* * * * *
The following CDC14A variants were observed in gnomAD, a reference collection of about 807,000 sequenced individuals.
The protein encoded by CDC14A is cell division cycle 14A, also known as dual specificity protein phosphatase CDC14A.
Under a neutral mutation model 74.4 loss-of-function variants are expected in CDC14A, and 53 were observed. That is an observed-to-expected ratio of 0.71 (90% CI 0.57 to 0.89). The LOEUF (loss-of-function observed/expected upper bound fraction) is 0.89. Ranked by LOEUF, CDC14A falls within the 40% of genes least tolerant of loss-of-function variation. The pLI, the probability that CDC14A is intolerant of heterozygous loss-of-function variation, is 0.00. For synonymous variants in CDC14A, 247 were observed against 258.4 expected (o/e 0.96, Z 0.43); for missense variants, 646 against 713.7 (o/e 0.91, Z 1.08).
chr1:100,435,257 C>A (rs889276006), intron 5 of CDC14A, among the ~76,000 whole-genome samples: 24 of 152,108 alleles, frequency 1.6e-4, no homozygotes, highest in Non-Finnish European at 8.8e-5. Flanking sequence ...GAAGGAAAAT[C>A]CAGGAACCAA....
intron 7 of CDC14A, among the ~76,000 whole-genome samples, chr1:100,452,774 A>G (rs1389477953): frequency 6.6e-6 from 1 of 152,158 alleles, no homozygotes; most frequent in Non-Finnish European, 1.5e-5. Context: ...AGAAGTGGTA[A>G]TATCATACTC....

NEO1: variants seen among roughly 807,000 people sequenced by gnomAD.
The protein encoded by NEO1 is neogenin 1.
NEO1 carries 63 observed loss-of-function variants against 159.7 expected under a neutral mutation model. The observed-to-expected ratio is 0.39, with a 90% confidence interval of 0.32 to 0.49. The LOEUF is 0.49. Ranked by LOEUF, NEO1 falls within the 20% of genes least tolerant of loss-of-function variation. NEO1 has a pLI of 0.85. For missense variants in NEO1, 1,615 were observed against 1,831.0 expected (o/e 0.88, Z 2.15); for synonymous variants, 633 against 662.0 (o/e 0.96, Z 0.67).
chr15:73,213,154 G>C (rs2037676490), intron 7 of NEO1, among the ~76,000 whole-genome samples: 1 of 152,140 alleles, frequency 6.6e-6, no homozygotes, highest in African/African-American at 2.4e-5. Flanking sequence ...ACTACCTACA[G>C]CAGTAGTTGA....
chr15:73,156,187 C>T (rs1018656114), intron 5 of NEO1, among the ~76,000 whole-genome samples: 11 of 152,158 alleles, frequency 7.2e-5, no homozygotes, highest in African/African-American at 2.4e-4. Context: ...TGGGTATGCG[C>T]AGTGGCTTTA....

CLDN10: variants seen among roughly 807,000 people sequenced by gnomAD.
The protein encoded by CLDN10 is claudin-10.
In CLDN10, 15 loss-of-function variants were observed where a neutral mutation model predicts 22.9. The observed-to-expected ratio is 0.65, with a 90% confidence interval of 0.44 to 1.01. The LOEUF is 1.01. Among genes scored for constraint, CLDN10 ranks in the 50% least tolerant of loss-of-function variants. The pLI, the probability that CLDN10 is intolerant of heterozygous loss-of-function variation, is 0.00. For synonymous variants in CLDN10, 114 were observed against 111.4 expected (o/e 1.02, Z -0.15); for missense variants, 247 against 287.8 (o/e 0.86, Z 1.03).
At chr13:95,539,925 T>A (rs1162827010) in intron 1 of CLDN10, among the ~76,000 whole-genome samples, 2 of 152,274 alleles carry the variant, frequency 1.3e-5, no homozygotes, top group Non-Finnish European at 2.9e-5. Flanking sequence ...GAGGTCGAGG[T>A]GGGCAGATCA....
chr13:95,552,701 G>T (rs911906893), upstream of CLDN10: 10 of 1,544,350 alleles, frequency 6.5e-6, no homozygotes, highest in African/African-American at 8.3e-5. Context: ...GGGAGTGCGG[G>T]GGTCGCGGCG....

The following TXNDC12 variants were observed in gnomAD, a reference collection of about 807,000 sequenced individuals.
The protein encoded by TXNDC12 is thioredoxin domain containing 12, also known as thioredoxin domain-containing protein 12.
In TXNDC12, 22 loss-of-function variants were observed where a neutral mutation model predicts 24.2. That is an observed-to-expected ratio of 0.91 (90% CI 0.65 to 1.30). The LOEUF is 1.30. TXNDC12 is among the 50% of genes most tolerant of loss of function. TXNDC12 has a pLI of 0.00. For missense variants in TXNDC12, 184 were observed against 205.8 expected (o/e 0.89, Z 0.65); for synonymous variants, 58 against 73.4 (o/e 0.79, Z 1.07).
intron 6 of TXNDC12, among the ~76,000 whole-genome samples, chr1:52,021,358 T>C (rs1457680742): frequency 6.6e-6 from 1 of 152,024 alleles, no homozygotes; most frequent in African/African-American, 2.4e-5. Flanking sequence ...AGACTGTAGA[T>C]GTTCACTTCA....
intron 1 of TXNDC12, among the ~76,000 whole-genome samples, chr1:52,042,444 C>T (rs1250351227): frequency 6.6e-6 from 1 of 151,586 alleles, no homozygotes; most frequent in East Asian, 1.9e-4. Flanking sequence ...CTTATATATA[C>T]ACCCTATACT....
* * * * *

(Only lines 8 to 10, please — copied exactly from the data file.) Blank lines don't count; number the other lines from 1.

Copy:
NEO1 carries 63 observed loss-of-function variants against 159.7 expected under a neutral mutation model. The observed-to-expected ratio is 0.39, with a 90% confidence interval of 0.32 to 0.49. The LOEUF is 0.49. Ranked by LOEUF, NEO1 falls within the 20% of genes least tolerant of loss-of-function variation. NEO1 has a pLI of 0.85. For missense variants in NEO1, 1,615 were observed against 1,831.0 expected (o/e 0.88, Z 2.15); for synonymous variants, 633 against 662.0 (o/e 0.96, Z 0.67).
chr15:73,213,154 G>C (rs2037676490), intron 7 of NEO1, among the ~76,000 whole-genome samples: 1 of 152,140 alleles, frequency 6.6e-6, no homozygotes, highest in African/African-American at 2.4e-5. Flanking sequence ...ACTACCTACA[G>C]CAGTAGTTGA....
chr15:73,156,187 C>T (rs1018656114), intron 5 of NEO1, among the ~76,000 whole-genome samples: 11 of 152,158 alleles, frequency 7.2e-5, no homozygotes, highest in African/African-American at 2.4e-4. Context: ...TGGGTATGCG[C>T]AGTGGCTTTA....